Oil prices slipped in early trade on Tuesday, paring gains from the previous session, as investors weighed strong holiday travel in China that could boost fuel demand with the prospect of rising interest rates elsewhere slowing economic growth.
U.S. West Texas Intermediate crude eased 73 cents, or 0.93% to $77.95 a barrel.
Oil futures rose more than 1% on Monday on optimism that holiday travel in China would increase demand in the world’s largest oil importer.
Bookings in China for trips abroad during the upcoming May Day holiday point to a continued recovery in travel to Asian countries. Still, the numbers remain far off pre-COVID-19 levels with long-haul airfares soaring and not enough flights available.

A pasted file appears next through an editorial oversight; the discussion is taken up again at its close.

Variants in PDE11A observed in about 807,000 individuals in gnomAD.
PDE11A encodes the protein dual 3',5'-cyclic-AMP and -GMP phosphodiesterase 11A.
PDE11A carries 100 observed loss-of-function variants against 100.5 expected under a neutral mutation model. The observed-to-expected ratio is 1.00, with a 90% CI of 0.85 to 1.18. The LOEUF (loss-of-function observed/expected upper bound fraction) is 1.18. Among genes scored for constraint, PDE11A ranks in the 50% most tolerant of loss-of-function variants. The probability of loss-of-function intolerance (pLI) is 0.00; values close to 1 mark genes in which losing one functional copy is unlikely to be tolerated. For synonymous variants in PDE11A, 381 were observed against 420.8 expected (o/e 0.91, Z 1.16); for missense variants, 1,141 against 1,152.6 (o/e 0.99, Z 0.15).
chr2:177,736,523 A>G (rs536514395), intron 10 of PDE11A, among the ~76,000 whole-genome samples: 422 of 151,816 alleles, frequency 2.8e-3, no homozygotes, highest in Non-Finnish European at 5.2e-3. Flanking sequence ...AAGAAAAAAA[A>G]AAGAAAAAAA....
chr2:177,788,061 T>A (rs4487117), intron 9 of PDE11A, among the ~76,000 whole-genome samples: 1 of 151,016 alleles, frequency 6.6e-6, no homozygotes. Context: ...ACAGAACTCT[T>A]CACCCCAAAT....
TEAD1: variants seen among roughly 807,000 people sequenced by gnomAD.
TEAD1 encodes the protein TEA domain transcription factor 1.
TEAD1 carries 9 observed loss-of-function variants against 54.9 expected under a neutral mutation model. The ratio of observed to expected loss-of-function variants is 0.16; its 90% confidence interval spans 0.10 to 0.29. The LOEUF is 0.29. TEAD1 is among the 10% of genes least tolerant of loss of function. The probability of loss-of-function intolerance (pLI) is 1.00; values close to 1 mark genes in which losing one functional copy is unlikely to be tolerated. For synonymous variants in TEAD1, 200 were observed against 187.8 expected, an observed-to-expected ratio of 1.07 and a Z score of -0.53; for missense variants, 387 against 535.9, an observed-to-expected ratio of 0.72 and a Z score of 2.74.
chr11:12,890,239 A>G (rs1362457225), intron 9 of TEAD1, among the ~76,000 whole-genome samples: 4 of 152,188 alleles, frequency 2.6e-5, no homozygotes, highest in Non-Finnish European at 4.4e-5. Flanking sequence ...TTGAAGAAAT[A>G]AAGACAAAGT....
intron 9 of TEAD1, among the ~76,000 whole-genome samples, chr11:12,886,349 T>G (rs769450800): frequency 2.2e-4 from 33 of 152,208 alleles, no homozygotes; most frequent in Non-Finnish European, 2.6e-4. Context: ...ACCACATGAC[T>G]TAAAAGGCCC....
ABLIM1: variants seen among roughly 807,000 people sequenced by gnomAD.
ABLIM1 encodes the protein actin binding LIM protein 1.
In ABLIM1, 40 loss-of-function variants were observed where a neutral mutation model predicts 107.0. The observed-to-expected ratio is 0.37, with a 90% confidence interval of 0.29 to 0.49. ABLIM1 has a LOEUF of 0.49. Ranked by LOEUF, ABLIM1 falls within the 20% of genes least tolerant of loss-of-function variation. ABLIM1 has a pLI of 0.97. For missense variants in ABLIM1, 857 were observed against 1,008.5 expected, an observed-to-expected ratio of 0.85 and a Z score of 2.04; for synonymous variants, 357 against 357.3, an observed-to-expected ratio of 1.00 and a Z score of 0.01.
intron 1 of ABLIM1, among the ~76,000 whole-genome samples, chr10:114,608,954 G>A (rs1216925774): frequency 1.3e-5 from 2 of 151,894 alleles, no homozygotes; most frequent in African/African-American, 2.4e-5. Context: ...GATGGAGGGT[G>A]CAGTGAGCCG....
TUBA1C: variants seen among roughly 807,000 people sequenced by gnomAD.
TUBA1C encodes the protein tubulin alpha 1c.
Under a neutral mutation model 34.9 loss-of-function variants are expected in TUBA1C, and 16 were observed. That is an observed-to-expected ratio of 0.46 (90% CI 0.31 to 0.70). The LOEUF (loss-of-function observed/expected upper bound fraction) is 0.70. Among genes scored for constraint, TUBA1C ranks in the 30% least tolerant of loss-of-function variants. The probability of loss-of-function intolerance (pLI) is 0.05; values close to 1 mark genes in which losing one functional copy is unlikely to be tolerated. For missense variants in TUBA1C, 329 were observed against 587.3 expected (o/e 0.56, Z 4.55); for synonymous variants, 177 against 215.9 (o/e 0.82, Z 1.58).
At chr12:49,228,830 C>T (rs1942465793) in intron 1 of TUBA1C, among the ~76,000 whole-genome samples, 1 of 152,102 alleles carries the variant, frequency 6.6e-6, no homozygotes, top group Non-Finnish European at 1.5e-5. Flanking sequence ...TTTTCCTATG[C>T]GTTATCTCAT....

However, investors remain wary about central banks in the United States, Britain and the European Union potentially raising interest rates to curb inflation, which could slow economic growth and dent energy demand.
The U.S. Federal Reserve, the Bank of England and the European Central Bank are all expected to raise rates when they meet in the first week of May.
Investors on Tuesday awaited industry data on U.S. oil stockpiles. Analysts polled by Reuters expected the data to show U.S. crude inventories fell by about 1.7 million barrels in the week to April 21.
U.S. government data on inventories is due on Wednesday.